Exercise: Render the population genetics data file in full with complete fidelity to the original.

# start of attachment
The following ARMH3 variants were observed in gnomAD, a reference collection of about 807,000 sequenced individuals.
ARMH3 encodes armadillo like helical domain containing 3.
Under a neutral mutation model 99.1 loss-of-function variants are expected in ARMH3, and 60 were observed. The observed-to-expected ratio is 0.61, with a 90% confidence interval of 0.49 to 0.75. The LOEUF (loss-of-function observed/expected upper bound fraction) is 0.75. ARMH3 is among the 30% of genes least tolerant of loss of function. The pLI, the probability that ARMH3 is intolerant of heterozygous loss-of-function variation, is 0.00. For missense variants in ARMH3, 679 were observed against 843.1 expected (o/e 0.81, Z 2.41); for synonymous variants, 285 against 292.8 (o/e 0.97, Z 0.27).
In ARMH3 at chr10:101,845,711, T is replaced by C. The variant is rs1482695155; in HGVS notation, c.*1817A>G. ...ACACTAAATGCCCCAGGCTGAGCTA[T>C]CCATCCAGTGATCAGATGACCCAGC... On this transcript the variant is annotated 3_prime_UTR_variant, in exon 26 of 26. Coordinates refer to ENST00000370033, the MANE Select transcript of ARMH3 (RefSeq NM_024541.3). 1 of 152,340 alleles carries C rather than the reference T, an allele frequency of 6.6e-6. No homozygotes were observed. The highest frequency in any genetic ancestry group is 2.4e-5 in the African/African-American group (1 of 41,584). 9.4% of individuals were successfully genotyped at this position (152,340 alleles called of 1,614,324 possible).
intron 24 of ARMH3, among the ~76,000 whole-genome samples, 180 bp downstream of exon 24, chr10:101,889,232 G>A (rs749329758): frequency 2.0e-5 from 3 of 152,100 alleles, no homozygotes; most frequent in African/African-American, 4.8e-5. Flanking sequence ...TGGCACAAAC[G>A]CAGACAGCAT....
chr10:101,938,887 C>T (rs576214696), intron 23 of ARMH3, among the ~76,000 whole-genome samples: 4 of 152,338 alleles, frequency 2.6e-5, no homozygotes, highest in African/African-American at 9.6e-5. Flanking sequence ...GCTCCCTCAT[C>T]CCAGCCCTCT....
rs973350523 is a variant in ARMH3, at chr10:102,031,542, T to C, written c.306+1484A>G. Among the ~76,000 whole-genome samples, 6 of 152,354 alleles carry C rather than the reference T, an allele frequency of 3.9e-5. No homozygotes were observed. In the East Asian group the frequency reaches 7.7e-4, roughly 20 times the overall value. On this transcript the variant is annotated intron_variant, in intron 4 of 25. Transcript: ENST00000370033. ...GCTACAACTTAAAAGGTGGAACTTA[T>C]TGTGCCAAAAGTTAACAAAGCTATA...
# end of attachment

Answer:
The following ARMH3 variants were observed in gnomAD, a reference collection of about 807,000 sequenced individuals.
ARMH3 encodes armadillo like helical domain containing 3.
Under a neutral mutation model 99.1 loss-of-function variants are expected in ARMH3, and 60 were observed. The observed-to-expected ratio is 0.61, with a 90% confidence interval of 0.49 to 0.75. The LOEUF (loss-of-function observed/expected upper bound fraction) is 0.75. ARMH3 is among the 30% of genes least tolerant of loss of function. The pLI, the probability that ARMH3 is intolerant of heterozygous loss-of-function variation, is 0.00. For missense variants in ARMH3, 679 were observed against 843.1 expected (o/e 0.81, Z 2.41); for synonymous variants, 285 against 292.8 (o/e 0.97, Z 0.27).
In ARMH3 at chr10:101,845,711, T is replaced by C. The variant is rs1482695155; in HGVS notation, c.*1817A>G. ...ACACTAAATGCCCCAGGCTGAGCTA[T>C]CCATCCAGTGATCAGATGACCCAGC... On this transcript the variant is annotated 3_prime_UTR_variant, in exon 26 of 26. Coordinates refer to ENST00000370033, the MANE Select transcript of ARMH3 (RefSeq NM_024541.3). 1 of 152,340 alleles carries C rather than the reference T, an allele frequency of 6.6e-6. No homozygotes were observed. The highest frequency in any genetic ancestry group is 2.4e-5 in the African/African-American group (1 of 41,584). 9.4% of individuals were successfully genotyped at this position (152,340 alleles called of 1,614,324 possible).
intron 24 of ARMH3, among the ~76,000 whole-genome samples, 180 bp downstream of exon 24, chr10:101,889,232 G>A (rs749329758): frequency 2.0e-5 from 3 of 152,100 alleles, no homozygotes; most frequent in African/African-American, 4.8e-5. Flanking sequence ...TGGCACAAAC[G>A]CAGACAGCAT....
chr10:101,938,887 C>T (rs576214696), intron 23 of ARMH3, among the ~76,000 whole-genome samples: 4 of 152,338 alleles, frequency 2.6e-5, no homozygotes, highest in African/African-American at 9.6e-5. Flanking sequence ...GCTCCCTCAT[C>T]CCAGCCCTCT....
rs973350523 is a variant in ARMH3, at chr10:102,031,542, T to C, written c.306+1484A>G. Among the ~76,000 whole-genome samples, 6 of 152,354 alleles carry C rather than the reference T, an allele frequency of 3.9e-5. No homozygotes were observed. In the East Asian group the frequency reaches 7.7e-4, roughly 20 times the overall value. On this transcript the variant is annotated intron_variant, in intron 4 of 25. Transcript: ENST00000370033. ...GCTACAACTTAAAAGGTGGAACTTA[T>C]TGTGCCAAAAGTTAACAAAGCTATA...